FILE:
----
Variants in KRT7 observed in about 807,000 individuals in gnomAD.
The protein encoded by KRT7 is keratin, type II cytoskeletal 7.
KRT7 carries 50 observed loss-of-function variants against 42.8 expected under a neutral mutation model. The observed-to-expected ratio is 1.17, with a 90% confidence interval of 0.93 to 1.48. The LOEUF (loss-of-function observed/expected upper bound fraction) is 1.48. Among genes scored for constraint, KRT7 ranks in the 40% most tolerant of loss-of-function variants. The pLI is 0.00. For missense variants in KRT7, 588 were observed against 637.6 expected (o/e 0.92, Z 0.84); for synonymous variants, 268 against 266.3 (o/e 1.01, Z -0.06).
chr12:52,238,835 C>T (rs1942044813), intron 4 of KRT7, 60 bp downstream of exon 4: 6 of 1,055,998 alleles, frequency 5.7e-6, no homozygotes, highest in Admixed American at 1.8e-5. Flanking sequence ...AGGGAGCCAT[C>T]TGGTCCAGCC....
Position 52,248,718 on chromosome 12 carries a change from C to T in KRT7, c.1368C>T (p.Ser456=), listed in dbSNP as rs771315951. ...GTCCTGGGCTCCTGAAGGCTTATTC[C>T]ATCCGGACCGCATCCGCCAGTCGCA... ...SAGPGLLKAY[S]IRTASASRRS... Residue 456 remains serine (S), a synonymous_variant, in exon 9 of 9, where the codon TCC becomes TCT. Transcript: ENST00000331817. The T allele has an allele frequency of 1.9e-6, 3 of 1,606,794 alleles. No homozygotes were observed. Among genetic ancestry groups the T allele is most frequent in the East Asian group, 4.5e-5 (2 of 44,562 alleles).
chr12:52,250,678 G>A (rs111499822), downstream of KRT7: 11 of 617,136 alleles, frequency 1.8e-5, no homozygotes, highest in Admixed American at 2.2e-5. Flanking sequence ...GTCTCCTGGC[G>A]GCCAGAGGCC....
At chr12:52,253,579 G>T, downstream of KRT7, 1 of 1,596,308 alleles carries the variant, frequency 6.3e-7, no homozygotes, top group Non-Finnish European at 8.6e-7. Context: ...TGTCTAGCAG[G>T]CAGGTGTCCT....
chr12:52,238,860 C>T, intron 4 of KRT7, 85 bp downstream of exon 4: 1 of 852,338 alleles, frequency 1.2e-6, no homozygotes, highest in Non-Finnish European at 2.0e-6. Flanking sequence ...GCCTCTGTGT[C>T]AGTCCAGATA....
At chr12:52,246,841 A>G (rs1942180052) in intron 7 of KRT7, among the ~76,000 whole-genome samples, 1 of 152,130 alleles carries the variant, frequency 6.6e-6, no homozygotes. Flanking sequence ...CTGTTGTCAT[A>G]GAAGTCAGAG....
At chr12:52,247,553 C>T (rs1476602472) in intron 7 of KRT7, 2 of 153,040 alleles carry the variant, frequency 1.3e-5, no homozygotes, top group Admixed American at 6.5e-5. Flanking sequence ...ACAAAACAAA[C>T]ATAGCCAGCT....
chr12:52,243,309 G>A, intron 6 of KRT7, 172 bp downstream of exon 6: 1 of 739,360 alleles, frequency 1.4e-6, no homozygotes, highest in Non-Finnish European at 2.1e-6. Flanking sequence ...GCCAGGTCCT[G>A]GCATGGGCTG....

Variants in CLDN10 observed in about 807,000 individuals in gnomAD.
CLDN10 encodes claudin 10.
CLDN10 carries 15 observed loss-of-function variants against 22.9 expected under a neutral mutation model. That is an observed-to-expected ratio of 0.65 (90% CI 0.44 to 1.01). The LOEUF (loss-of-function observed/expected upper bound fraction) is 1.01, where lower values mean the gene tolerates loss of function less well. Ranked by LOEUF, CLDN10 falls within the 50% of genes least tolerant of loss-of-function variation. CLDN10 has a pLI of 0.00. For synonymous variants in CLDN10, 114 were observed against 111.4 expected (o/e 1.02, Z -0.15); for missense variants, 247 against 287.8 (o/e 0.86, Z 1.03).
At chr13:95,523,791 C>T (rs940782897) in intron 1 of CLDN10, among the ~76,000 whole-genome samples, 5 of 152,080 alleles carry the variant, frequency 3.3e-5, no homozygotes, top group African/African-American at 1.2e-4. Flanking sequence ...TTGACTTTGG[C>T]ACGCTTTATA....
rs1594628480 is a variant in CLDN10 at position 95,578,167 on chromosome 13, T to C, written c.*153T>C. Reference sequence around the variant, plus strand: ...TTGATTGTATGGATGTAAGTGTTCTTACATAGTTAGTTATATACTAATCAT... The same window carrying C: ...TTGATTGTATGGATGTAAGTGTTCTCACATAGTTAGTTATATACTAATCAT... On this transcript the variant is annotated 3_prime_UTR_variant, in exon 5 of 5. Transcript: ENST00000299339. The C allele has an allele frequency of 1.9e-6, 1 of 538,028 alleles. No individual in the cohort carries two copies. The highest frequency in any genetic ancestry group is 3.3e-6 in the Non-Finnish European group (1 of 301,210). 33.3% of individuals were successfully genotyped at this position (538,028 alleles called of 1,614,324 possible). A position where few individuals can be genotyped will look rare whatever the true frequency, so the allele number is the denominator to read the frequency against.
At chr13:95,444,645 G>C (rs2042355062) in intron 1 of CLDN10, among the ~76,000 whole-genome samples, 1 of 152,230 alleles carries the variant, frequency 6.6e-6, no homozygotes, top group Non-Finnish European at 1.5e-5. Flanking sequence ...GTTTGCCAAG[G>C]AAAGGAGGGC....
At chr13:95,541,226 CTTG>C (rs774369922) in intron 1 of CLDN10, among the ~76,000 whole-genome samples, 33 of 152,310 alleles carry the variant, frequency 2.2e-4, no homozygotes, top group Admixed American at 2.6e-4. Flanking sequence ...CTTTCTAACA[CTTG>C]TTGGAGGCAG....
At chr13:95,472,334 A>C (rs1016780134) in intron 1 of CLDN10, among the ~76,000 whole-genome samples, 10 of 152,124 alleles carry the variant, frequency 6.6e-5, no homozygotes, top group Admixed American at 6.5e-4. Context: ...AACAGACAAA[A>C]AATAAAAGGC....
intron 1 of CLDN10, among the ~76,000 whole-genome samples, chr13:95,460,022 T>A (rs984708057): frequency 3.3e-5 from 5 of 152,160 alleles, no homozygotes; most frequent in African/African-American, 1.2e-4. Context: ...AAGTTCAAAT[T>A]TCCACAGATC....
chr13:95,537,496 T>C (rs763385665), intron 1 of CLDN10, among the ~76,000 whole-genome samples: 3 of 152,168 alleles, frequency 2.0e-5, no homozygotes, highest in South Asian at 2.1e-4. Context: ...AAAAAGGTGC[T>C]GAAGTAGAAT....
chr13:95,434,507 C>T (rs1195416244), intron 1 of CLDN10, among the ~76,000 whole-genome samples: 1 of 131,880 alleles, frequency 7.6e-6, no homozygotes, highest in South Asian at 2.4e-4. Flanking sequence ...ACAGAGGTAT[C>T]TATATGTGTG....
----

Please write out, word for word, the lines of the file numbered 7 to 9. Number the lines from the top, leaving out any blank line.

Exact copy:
At chr12:52,253,579 G>T, downstream of KRT7, 1 of 1,596,308 alleles carries the variant, frequency 6.3e-7, no homozygotes, top group Non-Finnish European at 8.6e-7. Context: ...TGTCTAGCAG[G>T]CAGGTGTCCT....
chr12:52,238,860 C>T, intron 4 of KRT7, 85 bp downstream of exon 4: 1 of 852,338 alleles, frequency 1.2e-6, no homozygotes, highest in Non-Finnish European at 2.0e-6. Flanking sequence ...GCCTCTGTGT[C>T]AGTCCAGATA....
At chr12:52,246,841 A>G (rs1942180052) in intron 7 of KRT7, among the ~76,000 whole-genome samples, 1 of 152,130 alleles carries the variant, frequency 6.6e-6, no homozygotes. Flanking sequence ...CTGTTGTCAT[A>G]GAAGTCAGAG....